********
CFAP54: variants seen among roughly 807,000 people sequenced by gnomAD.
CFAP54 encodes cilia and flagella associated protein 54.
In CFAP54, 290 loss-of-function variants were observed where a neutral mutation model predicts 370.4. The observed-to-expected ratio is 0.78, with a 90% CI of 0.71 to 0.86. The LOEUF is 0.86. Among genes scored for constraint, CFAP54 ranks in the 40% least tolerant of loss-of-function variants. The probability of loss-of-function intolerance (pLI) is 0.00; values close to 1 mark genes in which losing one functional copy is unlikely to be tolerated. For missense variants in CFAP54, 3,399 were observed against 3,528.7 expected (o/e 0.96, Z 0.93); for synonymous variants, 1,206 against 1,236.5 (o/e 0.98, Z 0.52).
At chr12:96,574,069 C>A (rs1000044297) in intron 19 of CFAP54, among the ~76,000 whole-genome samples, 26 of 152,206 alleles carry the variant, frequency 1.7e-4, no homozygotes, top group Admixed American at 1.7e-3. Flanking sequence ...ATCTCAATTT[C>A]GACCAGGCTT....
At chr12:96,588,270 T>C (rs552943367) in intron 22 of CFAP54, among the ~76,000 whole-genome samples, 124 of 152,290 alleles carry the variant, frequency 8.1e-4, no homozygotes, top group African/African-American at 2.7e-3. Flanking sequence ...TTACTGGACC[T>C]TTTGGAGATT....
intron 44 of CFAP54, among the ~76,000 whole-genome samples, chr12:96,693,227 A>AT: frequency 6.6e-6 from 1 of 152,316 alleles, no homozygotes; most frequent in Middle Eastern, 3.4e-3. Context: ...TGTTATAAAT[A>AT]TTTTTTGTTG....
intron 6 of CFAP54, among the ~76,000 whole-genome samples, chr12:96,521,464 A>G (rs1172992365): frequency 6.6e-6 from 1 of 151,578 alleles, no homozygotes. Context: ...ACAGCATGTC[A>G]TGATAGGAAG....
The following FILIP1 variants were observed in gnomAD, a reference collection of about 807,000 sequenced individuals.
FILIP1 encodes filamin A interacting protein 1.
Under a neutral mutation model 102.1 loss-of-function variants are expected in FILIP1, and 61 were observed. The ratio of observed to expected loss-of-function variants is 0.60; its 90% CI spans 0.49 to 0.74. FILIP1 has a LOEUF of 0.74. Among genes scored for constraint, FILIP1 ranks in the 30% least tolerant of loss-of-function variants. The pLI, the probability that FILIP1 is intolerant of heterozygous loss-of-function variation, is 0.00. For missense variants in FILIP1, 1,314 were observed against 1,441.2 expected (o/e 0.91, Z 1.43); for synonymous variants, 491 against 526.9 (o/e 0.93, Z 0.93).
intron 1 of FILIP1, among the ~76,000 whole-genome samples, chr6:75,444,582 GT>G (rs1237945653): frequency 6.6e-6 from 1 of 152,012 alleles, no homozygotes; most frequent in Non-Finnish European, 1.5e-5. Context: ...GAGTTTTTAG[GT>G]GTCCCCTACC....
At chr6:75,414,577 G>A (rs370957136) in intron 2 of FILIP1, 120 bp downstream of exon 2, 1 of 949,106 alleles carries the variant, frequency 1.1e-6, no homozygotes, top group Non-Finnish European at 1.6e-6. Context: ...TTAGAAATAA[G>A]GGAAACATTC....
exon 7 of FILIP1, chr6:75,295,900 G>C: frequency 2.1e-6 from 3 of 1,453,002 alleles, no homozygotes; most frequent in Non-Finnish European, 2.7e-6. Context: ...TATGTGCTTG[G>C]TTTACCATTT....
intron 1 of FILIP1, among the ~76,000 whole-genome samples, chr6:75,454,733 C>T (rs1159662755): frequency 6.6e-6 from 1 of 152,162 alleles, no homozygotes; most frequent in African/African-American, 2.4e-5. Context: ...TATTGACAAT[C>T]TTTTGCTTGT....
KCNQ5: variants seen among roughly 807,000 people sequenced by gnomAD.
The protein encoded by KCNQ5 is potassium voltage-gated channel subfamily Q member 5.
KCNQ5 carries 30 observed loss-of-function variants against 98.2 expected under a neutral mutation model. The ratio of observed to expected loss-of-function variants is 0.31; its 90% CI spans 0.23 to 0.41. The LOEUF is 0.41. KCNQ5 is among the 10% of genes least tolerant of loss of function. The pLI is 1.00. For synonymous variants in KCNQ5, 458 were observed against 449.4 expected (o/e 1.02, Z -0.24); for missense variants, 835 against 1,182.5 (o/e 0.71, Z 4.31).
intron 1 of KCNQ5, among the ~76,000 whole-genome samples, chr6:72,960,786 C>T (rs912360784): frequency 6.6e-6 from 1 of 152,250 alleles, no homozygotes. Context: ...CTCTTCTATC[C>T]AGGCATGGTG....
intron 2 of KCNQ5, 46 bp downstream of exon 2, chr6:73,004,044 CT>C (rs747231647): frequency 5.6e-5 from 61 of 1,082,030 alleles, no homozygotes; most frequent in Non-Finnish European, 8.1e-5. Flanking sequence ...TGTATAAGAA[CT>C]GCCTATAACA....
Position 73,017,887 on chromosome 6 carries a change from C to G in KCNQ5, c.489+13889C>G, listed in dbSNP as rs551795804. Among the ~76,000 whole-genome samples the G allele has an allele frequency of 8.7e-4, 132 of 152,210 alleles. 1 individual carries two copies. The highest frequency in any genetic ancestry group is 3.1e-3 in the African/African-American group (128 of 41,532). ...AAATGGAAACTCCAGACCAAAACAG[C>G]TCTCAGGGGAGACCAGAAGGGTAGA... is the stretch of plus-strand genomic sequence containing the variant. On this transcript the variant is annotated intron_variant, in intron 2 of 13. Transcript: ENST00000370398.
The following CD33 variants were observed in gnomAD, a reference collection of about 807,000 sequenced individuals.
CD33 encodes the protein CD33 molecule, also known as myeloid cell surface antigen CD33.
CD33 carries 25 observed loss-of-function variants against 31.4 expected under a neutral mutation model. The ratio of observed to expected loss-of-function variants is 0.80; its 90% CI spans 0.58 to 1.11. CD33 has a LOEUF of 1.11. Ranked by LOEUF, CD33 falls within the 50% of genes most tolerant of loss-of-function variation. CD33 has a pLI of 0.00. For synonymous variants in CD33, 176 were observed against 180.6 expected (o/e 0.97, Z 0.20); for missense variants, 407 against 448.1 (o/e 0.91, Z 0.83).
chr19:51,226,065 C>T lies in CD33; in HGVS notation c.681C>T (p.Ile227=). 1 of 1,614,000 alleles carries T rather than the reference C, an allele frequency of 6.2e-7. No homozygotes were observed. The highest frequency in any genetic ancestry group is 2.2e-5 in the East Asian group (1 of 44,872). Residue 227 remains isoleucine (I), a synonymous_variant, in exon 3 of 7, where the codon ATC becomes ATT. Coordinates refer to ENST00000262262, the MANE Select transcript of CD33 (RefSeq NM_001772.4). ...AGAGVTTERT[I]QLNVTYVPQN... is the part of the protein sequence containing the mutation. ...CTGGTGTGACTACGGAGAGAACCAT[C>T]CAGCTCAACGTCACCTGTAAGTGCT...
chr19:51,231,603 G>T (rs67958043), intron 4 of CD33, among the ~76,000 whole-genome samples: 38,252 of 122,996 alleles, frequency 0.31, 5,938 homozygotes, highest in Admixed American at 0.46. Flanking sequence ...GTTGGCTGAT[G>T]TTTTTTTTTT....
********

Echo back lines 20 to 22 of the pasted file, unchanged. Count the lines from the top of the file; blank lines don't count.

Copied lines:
Position 73,017,887 on chromosome 6 carries a change from C to G in KCNQ5, c.489+13889C>G, listed in dbSNP as rs551795804. Among the ~76,000 whole-genome samples the G allele has an allele frequency of 8.7e-4, 132 of 152,210 alleles. 1 individual carries two copies. The highest frequency in any genetic ancestry group is 3.1e-3 in the African/African-American group (128 of 41,532). ...AAATGGAAACTCCAGACCAAAACAG[C>G]TCTCAGGGGAGACCAGAAGGGTAGA... is the stretch of plus-strand genomic sequence containing the variant. On this transcript the variant is annotated intron_variant, in intron 2 of 13. Transcript: ENST00000370398.
The following CD33 variants were observed in gnomAD, a reference collection of about 807,000 sequenced individuals.
CD33 encodes the protein CD33 molecule, also known as myeloid cell surface antigen CD33.